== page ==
What the client wants, the client gets?

April 2007 » Columns
A colleague recently shared a "war story" with me. "One of our most important clients requested that my team’s technical report be adjusted," Carla told me (name changed). "He stated that his company’s review board had not approved it." Apparently, the client’s eight- to 10-person review board thought, in a nutshell, that: a) the report sections and labels should be reorganized and renamed; b) the number of pages covering the project’s background should be proportional to the time periods under discussion; and c) the conclusions should not include potential technical limitations. The client requested a new report from Carla’s team with his review board’s changes incorporated (note: not addressed, but incorporated). He sent her a marked-up report to "ease" the process. When Carla approached her team’s scientists and engineers regarding the "requests," not surprisingly, they did not agree with several of the client’s comments.
Cathy Baz&aacute

A colleague recently shared a "war story" with me. "One of our most important clients requested that my team’s technical report be adjusted," Carla told me (name changed). "He stated that his company’s review board had not approved it."

Apparently, the client’s eight- to 10-person review board thought, in a nutshell, that: a) the report sections and labels should be reorganized and renamed; b) the number of pages covering the project’s background should be proportional to the time periods under discussion; and c) the conclusions should not include potential technical limitations.

The client requested a new report from Carla’s team with his review board’s changes incorporated (note: not addressed, but incorporated). He sent her a marked-up report to "ease" the process. When Carla approached her team’s scientists and engineers regarding the "requests," not surprisingly, they did not agree with several of the client’s comments. This was in large part because: a) the wording did not convey, in their judgment, the technical meaning appropriately; b) the requests would alter the portrayal of the work, particularly not including some limitations that the team observed or deemed important; and c) the team opined that as experts hired to provide a technical report, they are professionally bound to express their findings as best they can. The team was willing to explain and adjust wording for clarification, but apparently this was not what the client wanted.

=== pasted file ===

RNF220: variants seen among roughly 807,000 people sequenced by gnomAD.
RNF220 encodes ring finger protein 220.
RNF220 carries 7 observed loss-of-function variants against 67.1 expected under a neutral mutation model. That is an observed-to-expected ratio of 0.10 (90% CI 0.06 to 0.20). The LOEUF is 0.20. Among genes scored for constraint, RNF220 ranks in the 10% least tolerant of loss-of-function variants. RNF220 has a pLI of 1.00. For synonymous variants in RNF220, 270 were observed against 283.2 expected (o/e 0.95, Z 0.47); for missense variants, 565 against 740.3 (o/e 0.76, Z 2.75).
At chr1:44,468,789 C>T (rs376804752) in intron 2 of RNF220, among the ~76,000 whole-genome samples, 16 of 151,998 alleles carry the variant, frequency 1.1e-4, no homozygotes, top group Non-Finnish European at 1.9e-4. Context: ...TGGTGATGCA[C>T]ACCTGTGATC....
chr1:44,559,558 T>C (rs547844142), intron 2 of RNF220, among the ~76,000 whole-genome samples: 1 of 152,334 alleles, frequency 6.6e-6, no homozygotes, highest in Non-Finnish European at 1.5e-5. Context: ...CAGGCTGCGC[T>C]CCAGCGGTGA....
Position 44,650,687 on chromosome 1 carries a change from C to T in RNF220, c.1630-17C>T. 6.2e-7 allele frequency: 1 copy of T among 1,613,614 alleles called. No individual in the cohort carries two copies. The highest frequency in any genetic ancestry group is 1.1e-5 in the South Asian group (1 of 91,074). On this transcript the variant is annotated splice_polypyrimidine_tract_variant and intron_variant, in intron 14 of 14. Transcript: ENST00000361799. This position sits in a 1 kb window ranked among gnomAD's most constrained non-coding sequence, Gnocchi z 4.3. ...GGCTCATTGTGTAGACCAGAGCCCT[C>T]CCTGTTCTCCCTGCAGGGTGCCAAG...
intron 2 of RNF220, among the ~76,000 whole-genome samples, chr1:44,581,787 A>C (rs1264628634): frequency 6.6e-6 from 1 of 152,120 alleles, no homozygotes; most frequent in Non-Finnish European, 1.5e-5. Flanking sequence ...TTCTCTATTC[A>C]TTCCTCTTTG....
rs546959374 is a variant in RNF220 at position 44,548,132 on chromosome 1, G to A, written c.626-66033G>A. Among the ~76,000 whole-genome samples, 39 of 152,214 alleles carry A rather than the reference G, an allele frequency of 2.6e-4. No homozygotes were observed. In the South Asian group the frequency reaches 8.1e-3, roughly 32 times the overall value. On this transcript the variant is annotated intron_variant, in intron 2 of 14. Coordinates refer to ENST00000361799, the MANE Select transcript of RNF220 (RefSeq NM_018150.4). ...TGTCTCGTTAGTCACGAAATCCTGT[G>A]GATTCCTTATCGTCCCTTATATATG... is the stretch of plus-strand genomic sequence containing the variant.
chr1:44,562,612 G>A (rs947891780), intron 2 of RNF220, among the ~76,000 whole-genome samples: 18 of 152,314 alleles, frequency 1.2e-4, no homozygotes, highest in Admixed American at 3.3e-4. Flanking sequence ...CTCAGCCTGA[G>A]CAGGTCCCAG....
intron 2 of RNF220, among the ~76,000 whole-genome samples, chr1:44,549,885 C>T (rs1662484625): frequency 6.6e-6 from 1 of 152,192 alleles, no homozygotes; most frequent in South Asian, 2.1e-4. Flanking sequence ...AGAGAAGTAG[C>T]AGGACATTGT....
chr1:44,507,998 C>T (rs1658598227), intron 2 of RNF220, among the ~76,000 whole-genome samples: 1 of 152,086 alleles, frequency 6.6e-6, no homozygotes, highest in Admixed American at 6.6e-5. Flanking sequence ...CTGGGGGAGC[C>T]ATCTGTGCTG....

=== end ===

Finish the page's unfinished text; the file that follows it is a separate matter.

A flurry of questions come to mind: What should Carla’s strategy be to defend her work to her superiors? To the client? Or, should she as project manager just rewrite the report without her team’s input? Should she consult her firm’s legal eagles before resubmitting a report that incorporates most of the client’s requests? Do ethics "trump" business only where there are potential legal repercussions?

Who "owns" a technical report? The client as financer? The scientist/engineer as technical experts? Or, perhaps, other parties that have input or may be affected such as regulators, the public, government officials, review board, etc.?

The answers may be project specific and I agree that there generally is room to improve technical writing. However, I wonder if technical reports are now being significantly guided by what the client wants, or at times, almost demands, versus what there actually is to find/establish/report. Ivy League schools have a parallel dilemma with some students who practically demand good grades for the tuition costs. Can clients demand a "good" report from technical experts? It seems to me that client requests to modify a technical report have gained, or perhaps maintained, momentum because of the legal aspects of the written word. Is that another variable that engineers need constantly to be aware of as part of report writing?

As technical experts, engineers and scientists are bound to uphold their findings and the incorporation of the same as our work is presented to others-whether legal repercussions loom or not. In my opinion, conceding to a client’s requests on technical presentation projects an image of commodity for our profession. This raises another question: Is that where our profession’s image keeps heading, with outsourcing, cost-based bids, and more frequent technical report "requests" by clients?

Carla decided to re-submit the report with her team’s input and let her superiors know of the potential client dissatisfaction. I wonder how the final chapter on that project will be written.

Who do you think "owns" a technical report? Send your comments to civilconnection@cenews.com.


Upcoming Events

See All Upcoming Events